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Okey dokes… In our last financial planning article we discussed the first way in which trusts are classified, namely…whether the founder of the trust is dead or alive at the time of setting up the trust.

In today’s article we are going to look at the second classification of trusts which is based on two things:

  1. The rights of the beneficiaries, and
  2. Who owns the property within the trust

Trusts in the strict sense

This type of trust is commonly used in estate planning, and is what most of us commonly refer to as a trust.
Here all assets, liabilities, rights and duties “belong” to the trustees. The trustee is the owner and administrator of the trust assets… but only from an administrative point of view, of course.

Trusts in the wide sense (Bewind trusts)

With this type of trust the beneficiary has a right to the assets contained in the trust right from the word go. The trustees administer and control the assets on behalf of the beneficiaries, but the beneficiary retains full ownership.
Because the beneficiary has a right to the assets contained in this type of trust, these assets could be exposed to claims made against the beneficiary by creditors. With trusts in the strict sense this cannot happen since ownership of assets lies with the trustees and not with the beneficiaries.

The trustee controls the assets of the trust on behalf of a beneficiary who might be too young or mentally (and physically) incapable of controlling his or her own assets.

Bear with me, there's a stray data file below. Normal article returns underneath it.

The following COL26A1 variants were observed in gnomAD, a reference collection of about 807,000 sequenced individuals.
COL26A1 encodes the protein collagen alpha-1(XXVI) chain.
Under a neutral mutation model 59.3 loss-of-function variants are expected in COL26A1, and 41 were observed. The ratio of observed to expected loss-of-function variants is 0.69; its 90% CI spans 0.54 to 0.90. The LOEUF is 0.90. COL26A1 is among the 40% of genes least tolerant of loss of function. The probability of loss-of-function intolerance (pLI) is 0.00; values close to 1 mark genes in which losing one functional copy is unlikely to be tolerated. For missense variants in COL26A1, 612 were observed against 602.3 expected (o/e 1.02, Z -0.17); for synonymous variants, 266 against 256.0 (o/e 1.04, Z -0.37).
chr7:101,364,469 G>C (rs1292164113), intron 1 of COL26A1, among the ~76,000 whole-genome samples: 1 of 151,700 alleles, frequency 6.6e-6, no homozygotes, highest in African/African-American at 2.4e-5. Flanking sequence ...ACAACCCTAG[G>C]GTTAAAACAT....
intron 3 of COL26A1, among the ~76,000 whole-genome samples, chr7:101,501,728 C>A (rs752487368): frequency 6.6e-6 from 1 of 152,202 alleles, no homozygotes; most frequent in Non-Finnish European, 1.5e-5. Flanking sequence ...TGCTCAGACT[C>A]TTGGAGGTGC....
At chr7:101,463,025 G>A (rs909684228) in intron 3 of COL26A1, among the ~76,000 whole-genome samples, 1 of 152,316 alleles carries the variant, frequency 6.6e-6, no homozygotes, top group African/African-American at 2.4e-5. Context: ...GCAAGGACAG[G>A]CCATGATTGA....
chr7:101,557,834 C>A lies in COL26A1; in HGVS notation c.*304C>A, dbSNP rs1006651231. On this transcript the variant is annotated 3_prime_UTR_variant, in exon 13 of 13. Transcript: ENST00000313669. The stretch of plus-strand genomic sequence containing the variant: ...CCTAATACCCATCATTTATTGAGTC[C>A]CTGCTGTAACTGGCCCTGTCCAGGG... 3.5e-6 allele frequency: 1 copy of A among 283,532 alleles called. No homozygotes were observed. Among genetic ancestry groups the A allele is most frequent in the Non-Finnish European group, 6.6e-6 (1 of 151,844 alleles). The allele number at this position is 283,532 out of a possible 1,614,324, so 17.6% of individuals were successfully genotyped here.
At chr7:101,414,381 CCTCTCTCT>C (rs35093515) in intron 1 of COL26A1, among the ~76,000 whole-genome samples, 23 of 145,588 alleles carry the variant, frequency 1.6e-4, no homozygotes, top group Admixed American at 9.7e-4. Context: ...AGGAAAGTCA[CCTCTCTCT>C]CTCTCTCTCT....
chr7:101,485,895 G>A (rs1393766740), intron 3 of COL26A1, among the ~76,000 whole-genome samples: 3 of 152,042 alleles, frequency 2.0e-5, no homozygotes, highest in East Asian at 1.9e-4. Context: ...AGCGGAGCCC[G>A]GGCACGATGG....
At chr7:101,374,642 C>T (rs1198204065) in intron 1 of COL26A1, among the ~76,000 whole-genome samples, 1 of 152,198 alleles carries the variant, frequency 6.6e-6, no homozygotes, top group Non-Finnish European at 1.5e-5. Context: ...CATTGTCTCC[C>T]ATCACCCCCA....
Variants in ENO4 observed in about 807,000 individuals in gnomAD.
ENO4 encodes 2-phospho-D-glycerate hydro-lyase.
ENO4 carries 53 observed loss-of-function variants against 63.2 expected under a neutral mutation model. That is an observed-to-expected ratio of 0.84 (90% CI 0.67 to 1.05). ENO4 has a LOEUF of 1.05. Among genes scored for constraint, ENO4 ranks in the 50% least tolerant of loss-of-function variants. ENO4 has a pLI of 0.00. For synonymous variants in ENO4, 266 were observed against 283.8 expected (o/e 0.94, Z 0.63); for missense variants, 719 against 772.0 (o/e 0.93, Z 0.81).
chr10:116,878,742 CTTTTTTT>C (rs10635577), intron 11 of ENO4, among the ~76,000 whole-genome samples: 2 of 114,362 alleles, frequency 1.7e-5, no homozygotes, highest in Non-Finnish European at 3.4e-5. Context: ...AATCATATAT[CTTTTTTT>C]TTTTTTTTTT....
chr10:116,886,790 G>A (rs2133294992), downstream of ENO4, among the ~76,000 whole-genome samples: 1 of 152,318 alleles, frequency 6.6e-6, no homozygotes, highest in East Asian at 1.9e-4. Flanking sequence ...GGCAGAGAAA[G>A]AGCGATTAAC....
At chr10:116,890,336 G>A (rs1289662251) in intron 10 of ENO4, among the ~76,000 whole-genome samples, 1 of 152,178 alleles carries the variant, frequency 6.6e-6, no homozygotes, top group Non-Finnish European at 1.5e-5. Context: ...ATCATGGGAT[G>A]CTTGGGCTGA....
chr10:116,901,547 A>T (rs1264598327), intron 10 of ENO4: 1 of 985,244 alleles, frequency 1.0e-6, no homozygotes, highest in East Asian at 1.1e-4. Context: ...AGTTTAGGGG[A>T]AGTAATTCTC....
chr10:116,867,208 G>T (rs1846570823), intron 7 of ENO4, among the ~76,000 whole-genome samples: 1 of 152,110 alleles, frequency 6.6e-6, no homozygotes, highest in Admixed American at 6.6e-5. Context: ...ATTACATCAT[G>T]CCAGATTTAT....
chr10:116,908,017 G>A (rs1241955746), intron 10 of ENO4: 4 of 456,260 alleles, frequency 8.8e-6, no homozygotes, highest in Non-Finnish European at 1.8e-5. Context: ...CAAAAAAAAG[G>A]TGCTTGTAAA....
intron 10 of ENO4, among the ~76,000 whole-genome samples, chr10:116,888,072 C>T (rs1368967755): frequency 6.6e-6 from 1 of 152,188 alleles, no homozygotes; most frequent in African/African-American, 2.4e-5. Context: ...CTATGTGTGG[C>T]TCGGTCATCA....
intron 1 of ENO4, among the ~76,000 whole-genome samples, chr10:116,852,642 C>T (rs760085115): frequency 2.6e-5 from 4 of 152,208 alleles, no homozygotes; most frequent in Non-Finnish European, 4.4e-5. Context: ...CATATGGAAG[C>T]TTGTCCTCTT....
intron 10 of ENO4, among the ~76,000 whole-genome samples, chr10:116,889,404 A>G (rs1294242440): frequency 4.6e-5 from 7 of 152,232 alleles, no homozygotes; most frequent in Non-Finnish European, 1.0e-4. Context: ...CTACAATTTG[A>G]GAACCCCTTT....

An example of a bewind trust would be where a minor inherits a property which is then given to trustees to administer on behalf of the minor until he or she reaches a certain age.

Discretionary trusts

In a discretionary trust the beneficiaries have no vested rights to any of the income or capital.
Any income or capital which the beneficiary may receive is at the sole discretion of the trustees.

Vesting trusts

Here the beneficiaries have rights to either income or capital or to both. In other words, it’s not up to the trustee to decide on what the beneficiary may, or may not, receive. If the trust deed states that the beneficiary must receive R10, 000 per month, then that is what the beneficiary must receive.

In our next trust article we are going to look at the third and final classification of trusts.

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Until next time.

The InsuranceFundi Team

 

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